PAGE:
2016 Theses Doctoral
Essays in Macroeconomics
This dissertation consists of three chapters.
Chapter 1, "Precision of Communication in Coordination Games of Regime Change,'' is in the field of macroeconomics and economics of information. I study a model of regime change in which the government can communicate with different levels of precision as a function of the underlying fundamentals. In the model, higher precision of communication corresponds to a lower dispersion of private information among market participants. I compare a policy of an uncommitted government, which chooses the precision of communication after it learns the realization of fundamentals, to a policy of a committed government, which commits to a state-dependent policy before it learns the realization of fundamentals. I find that an uncommitted government communicates imprecisely for weak fundamentals and precisely for strong fundamentals. In contrast, a committed government communicates precisely for weak fundamentals and imprecisely for strong fundamentals. Consequently, a committed government saves its regime more often than an uncommitted one. An uncommitted government can benefit from a rule that enforces constant precision of communication.
Chapter 2, "Multiple Equilibria in Global Games with Varying Quality of Information,'' is a follow up chapter on Chapter 1. I show that global game models can have multiple equilibria if the quality of information available to agents varies with the state of economic fundamentals. First, I construct two examples that illustrate why the quality of information may vary and show that the corresponding information structures support several equilibria. Second, I construct an information structure that supports a given number of equilibria. Very different equilibria can exist simultaneously, even if agents' quality of information is arbitrarily high. The set of possible equilibria can be very similar to the set of equilibria under complete information, even when agents are uncertain about the state of fundamentals and beliefs of other agents. My results have practical implications for the disclosure of information by governments and for our ability to predict the outcome of currency attacks or debt runs based on economic fundamentals.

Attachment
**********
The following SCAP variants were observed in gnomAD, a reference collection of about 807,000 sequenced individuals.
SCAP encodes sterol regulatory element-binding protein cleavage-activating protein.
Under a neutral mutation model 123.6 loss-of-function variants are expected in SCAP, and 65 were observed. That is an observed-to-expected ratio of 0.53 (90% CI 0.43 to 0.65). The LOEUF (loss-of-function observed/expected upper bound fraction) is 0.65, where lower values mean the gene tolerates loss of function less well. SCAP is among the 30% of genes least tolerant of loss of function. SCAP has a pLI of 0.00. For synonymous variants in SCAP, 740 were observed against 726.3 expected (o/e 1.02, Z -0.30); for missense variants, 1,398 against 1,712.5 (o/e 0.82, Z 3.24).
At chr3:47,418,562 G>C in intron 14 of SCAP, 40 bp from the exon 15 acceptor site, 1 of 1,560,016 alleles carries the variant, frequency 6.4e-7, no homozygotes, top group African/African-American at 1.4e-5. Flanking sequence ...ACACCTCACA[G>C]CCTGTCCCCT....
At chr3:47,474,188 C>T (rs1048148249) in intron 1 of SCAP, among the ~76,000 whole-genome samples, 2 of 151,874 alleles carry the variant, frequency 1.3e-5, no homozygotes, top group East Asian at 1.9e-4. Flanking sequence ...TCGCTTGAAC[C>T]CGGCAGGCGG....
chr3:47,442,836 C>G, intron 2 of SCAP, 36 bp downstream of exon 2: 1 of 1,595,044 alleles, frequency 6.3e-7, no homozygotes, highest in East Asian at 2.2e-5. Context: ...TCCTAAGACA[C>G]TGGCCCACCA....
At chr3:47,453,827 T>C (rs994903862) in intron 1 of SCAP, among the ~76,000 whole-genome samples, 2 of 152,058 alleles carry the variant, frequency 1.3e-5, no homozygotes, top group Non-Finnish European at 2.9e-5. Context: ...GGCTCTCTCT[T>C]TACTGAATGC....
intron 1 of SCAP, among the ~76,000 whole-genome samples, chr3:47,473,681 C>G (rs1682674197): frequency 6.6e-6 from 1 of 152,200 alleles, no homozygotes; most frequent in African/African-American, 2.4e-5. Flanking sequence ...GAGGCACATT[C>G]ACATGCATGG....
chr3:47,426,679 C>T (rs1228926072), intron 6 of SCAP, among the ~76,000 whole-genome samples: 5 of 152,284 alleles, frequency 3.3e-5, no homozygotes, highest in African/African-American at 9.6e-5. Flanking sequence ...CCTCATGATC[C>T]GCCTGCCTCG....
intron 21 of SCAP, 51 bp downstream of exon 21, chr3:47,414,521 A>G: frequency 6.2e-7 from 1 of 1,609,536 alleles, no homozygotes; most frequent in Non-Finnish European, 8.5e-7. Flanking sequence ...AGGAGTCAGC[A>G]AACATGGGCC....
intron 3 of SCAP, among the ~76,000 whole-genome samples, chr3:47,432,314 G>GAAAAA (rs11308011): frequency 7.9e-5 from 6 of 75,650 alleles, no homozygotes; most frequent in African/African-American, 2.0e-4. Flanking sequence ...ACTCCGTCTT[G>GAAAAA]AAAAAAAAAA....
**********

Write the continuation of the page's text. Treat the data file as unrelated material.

Chapter 3, "Long-Run Price Elasticity of Trade and the Trade-Comovement Puzzle,'' is in the field of international macroeconomics and is coauthored with Lukasz Drozd and Jaromir Nosal. What role do international trade linkages play in transmitting shocks across borders? Analytically, we demonstrate that in a broad class of open economy macroeconomic models, shock transmission crucially depends on dynamic properties of trade elasticity---which is rarely modeled explicitly in business cycle theory. We illustrate the quantitative relevance of this point by exploring the well documented link between trade and comovement in the cross-section of countries, and by relating our theoretical findings to those in the literature. We find that dynamic elasticity does indeed affect the findings in a quantitatively significant way. Hence, our paper advocates for using dynamic elasticity models in contexts that evaluate international business cycle theory vis-a-vis data on cross-country variation of business cycle moments.
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More About This Work
- Academic Units
- Thesis Advisors
- Woodford, Michael
- Ph.D., Columbia University
- Published Here
- April 29, 2016